It was early December, nearly a week after the Gala, and winter had decided to make itself felt. They had woken up one morning to deep snow lapping up against the Castle Walls like waves against a ship… Alice had told her that Hogwarts always looked like a Christmas cake at this time of year, and watching Hagrid dragging immense Christmas trees up the slope to the Castle, Eleanor could well believe it.
At breakfast, Dumbledore announced that there would be a meeting for all sixth years in the evening, and several people groaned; from the cackles coming from the nearby seventh years, Eleanor deduced that this was either going to be the Hogwarts version of sex-education or something to do with next year’s Gala. She was trying to decide which would be more entertaining as she’d attempted to make her way to the greenhouses, for Herbology, but Madame Sprout’s ringing voice interrupted her thoughts.
“No Herbology today chaps, there’s a blizzard out there – not sure how far I trust the roof of greenhouse three – best not to risk it,” she said, gathering them all together. “However, just so I know you’re willing, next lesson I want an essay considering the changing uses through history of a plant of your choice – medicinal, magical, black market, whatever – four rolls of parchment. Now don’t give me that,” she said, as they cried mutiny. “You only have to write the things, I have to mark them. If you can help it, please try to choose something different to the people around you – I don’t want thirty essays on Mandrakes this year.”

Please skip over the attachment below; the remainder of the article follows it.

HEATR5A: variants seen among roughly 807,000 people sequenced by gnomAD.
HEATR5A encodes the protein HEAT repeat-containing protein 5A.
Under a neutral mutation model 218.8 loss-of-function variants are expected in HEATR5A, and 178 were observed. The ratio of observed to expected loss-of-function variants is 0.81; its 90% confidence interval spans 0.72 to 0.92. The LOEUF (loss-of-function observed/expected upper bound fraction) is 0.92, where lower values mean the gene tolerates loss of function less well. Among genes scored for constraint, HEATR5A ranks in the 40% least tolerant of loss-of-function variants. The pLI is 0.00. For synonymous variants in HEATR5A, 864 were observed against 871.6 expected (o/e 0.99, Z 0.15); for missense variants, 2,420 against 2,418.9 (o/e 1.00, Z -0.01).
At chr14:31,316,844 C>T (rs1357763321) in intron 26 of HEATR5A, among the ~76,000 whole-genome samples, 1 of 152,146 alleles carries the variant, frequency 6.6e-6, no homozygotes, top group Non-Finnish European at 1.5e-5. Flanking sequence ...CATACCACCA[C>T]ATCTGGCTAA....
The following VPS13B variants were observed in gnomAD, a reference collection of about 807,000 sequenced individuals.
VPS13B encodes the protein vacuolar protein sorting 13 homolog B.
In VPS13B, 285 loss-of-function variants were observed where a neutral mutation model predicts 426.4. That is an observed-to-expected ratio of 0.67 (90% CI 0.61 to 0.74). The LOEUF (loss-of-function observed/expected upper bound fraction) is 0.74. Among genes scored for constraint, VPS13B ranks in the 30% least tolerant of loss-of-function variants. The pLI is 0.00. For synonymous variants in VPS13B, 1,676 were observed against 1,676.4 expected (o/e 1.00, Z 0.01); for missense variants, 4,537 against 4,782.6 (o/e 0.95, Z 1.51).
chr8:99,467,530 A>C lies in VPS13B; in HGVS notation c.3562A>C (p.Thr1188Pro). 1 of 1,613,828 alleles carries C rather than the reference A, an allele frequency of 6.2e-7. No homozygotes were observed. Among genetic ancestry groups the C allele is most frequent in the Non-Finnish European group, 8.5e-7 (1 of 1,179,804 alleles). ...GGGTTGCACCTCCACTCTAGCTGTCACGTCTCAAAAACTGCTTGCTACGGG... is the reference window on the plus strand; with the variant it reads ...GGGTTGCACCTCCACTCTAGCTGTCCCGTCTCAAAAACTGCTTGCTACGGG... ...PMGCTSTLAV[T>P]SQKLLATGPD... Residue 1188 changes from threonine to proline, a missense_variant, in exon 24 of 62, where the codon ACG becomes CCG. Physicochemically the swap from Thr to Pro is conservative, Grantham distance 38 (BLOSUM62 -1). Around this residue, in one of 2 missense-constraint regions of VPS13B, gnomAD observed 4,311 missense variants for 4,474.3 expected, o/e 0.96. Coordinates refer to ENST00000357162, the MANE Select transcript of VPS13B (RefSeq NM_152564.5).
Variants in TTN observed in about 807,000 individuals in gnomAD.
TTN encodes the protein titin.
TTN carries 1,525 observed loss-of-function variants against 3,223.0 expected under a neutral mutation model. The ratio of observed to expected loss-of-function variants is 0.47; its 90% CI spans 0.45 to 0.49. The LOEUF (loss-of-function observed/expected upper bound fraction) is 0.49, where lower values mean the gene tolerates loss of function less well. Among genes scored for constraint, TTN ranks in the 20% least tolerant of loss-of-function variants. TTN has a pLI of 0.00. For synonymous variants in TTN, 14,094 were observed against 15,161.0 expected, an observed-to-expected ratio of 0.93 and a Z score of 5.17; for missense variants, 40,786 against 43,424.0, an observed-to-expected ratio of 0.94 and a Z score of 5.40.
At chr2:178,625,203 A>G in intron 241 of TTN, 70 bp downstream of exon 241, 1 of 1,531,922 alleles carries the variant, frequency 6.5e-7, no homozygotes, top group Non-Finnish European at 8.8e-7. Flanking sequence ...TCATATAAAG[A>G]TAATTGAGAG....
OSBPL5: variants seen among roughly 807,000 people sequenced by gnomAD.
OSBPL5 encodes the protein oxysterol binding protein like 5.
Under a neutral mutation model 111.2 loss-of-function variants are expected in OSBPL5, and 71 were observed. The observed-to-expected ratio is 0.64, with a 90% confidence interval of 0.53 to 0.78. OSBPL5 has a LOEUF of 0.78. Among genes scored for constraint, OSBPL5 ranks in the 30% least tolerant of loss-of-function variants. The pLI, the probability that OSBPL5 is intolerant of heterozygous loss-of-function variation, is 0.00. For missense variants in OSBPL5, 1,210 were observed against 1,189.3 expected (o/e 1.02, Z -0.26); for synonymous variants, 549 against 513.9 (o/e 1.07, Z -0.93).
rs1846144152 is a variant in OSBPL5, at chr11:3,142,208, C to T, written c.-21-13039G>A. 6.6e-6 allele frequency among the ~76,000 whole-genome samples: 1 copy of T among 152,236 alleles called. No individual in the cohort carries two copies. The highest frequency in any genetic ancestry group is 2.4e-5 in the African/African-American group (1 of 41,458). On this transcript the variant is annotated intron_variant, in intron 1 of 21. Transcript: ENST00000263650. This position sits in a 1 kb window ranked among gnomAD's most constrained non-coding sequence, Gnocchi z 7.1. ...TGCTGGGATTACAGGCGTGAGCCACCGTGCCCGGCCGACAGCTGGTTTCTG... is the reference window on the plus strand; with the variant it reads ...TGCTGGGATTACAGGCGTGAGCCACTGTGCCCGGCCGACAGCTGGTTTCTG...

The Gryffindors had made an immediate detour to the Library, Lily announcing that there was no time like the present, and no one currently having anything better to do. Books collected, they set off back to the Common Room to study – or at least, open their books and ignore them. Peter, unusually, was quite enthusiastic about his essay – he’d chosen the Chinese Chomping Cabbage since he already knew a great deal about it from Potions.
“So, what’ve you picked?” asked James, leafing through the tome in front of him; Eleanor glanced around the room. He had the look of a man who was up to something.
“Not sure… I was going to do Tentacula, but Sirius bagsied it…I might do the Flitterbloom, but it’s far less interesting.”
“You could always go into the identification – it looks just like Devil’s Snare; there was some at the bottom of my garden, for years I was convinced it was going to eat me if I didn’t keep an eye on it.”
“That’s not a bad idea,” he said, absently, watching Lily and Alice debating the aesthetic merits of Honking Daffodils and Biting Geraniums.